Margaret Shih is a Professor in Management and Organizations at the UCLA Anderson School of Management. Her research focuses on the effects of diversity in organizations. In particular, she focuses on social identity and the psychological effects of stereotypes, prejudice, discrimination and stigma in organizations.
Prior to joining the faculty at the Anderson School of Management at UCLA, Professor Shih served on the faculty at the University of Michigan for 8 years, and also worked at the RAND Corporation. She serves on the executive committee for the International Society for Self and Identity and is a consulting editor for the Journal of Personality and Social Psychology and Personality and Social Psychology Bulletin. She was also an editor for the special issue of the Journal of Social Issues. She has received fellowships and grants from the National Science Foundation, National Institute of Mental Health, Social Sciences and Humanities of Research Council of Canada, John Templeton Foundation and the Robert Wood Johnson Foundation.
Human Resources and Organizational Behavior
Individual and Interpersonal Processes in Organizations
Wout, D., Shih, M., Jackson, J. S., & Sellers, R. M. (in press). Targets as perceivers: The influence of social perception on stereotype threat. Journal of Personality and Social Psychology.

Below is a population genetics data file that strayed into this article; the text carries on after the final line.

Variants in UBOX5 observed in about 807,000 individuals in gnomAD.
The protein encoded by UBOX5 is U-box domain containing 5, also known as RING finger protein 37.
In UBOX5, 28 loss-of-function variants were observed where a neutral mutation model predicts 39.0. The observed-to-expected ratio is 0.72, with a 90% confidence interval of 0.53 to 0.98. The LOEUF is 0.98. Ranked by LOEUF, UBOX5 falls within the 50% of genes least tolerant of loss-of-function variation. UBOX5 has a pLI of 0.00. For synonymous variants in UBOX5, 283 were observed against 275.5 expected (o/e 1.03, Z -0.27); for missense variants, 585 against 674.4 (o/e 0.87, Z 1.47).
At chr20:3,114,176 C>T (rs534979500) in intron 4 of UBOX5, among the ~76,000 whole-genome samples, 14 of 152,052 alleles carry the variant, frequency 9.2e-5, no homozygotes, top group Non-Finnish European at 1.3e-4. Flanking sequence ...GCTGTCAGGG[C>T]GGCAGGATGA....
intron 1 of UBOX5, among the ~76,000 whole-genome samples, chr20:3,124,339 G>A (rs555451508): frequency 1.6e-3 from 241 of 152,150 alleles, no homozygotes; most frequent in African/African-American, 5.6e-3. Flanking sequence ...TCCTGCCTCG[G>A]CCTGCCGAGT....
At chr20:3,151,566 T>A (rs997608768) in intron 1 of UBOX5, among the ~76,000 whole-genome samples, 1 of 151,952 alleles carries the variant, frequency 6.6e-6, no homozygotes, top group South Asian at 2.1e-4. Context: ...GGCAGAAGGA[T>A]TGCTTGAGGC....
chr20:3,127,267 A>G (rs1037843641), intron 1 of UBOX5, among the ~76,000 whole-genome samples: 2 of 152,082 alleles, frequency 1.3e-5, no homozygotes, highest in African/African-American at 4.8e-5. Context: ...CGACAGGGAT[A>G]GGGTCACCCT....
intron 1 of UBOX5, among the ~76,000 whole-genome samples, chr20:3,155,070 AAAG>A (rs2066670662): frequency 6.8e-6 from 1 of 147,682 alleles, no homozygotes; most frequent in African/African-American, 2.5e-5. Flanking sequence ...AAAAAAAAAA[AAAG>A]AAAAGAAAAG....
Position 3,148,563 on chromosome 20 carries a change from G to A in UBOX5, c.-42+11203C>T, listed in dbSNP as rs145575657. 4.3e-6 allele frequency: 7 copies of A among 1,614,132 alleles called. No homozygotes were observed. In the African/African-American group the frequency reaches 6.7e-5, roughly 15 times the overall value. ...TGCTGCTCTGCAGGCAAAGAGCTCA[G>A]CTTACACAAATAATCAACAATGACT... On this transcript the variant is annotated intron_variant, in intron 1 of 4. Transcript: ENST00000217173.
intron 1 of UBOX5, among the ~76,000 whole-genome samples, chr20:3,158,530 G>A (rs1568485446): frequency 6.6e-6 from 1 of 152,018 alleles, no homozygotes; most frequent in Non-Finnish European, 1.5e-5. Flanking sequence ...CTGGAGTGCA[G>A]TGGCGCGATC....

Kiefer, A. & Shih, M. (2006). Gender differences in persistence and attribution in stereotype relevant contexts. Sex Roles, 54, 859-868.
Pittinsky, T. L., Shih, M., & Trahan, A. (2006). Identity cues: Evidence from and for intra-individual perspectives on stereotyping. Journal of Applied Social Psychology, 36, 2215-2239.
Shih, M., Pittinsky, T. L. & Trahan, A. (2006). Domain-specific effects of Stereotypes on Performance. Self and Identity, 5, 1-14.
Shih, M., & Sanchez, D. (2005). Perspectives and research on the positive and negative effects of having multiple racial identities. Psychological Bulletin,131, 569-591.
Pittinsky, T. L. & Shih, M. (2004). Knowledge nomads: Organizational commitment and worker mobility in positive perspective. American Behavioral Scientist, 4, 791-807.
Shih, M., Ambady, N., Richeson, J. A., Fujita, K., & Gray, H. (2002). Stereotype performance boosts: The impact of self-relevance and the manner of stereotype activation. Journal of Personality and Social Psychology, 83, 638-647.
Ambady, N., Shih, M., Kim. A., & Pittinsky, T. L. (2001). Stereotype susceptibility in children: Effects of identity activation on quantitative performance. Psychological Science, 12, 385-390.
Pittinsky, T. L., Shih, M., & Ambady, N. (2000). Will a category cue affect you? Category cues, positive stereotypes and reviewer recall for applicants. Social Psychology of Education. 4(1), 53-65.
Shih, M., Pittinsky, T.L., & Ambady, N. (1999). Stereotype susceptibility: Identity salience and shifts in quantitative performance. Psychological Science, 10(1), 81-84.
Pittinsky, T. L., Shih, M., & Ambady, N. (1999). Identity adaptiveness and affect across one’s multiple identities. Journal of Social Issues, Special Issue: Prejudice and Intergroup Relations, Papers in Honor of Allport’s Centennial, 55(3), 503-518.